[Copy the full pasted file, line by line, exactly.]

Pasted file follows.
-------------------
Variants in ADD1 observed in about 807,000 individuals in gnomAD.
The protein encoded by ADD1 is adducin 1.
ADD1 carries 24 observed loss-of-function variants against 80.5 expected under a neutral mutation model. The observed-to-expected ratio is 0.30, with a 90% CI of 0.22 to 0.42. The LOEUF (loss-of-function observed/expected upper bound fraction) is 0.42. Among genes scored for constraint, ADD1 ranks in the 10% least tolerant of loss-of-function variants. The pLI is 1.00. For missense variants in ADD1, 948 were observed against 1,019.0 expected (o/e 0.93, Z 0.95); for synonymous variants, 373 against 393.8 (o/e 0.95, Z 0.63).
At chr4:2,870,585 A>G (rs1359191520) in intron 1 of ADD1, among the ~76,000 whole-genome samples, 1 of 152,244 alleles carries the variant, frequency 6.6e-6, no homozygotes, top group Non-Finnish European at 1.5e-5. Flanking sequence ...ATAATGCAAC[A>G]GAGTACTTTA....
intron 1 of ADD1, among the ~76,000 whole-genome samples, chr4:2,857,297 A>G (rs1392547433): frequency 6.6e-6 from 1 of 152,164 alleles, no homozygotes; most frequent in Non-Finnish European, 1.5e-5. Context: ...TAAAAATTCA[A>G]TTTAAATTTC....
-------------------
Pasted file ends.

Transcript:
Variants in ADD1 observed in about 807,000 individuals in gnomAD.
The protein encoded by ADD1 is adducin 1.
ADD1 carries 24 observed loss-of-function variants against 80.5 expected under a neutral mutation model. The observed-to-expected ratio is 0.30, with a 90% CI of 0.22 to 0.42. The LOEUF (loss-of-function observed/expected upper bound fraction) is 0.42. Among genes scored for constraint, ADD1 ranks in the 10% least tolerant of loss-of-function variants. The pLI is 1.00. For missense variants in ADD1, 948 were observed against 1,019.0 expected (o/e 0.93, Z 0.95); for synonymous variants, 373 against 393.8 (o/e 0.95, Z 0.63).
At chr4:2,870,585 A>G (rs1359191520) in intron 1 of ADD1, among the ~76,000 whole-genome samples, 1 of 152,244 alleles carries the variant, frequency 6.6e-6, no homozygotes, top group Non-Finnish European at 1.5e-5. Flanking sequence ...ATAATGCAAC[A>G]GAGTACTTTA....
intron 1 of ADD1, among the ~76,000 whole-genome samples, chr4:2,857,297 A>G (rs1392547433): frequency 6.6e-6 from 1 of 152,164 alleles, no homozygotes; most frequent in Non-Finnish European, 1.5e-5. Context: ...TAAAAATTCA[A>G]TTTAAATTTC....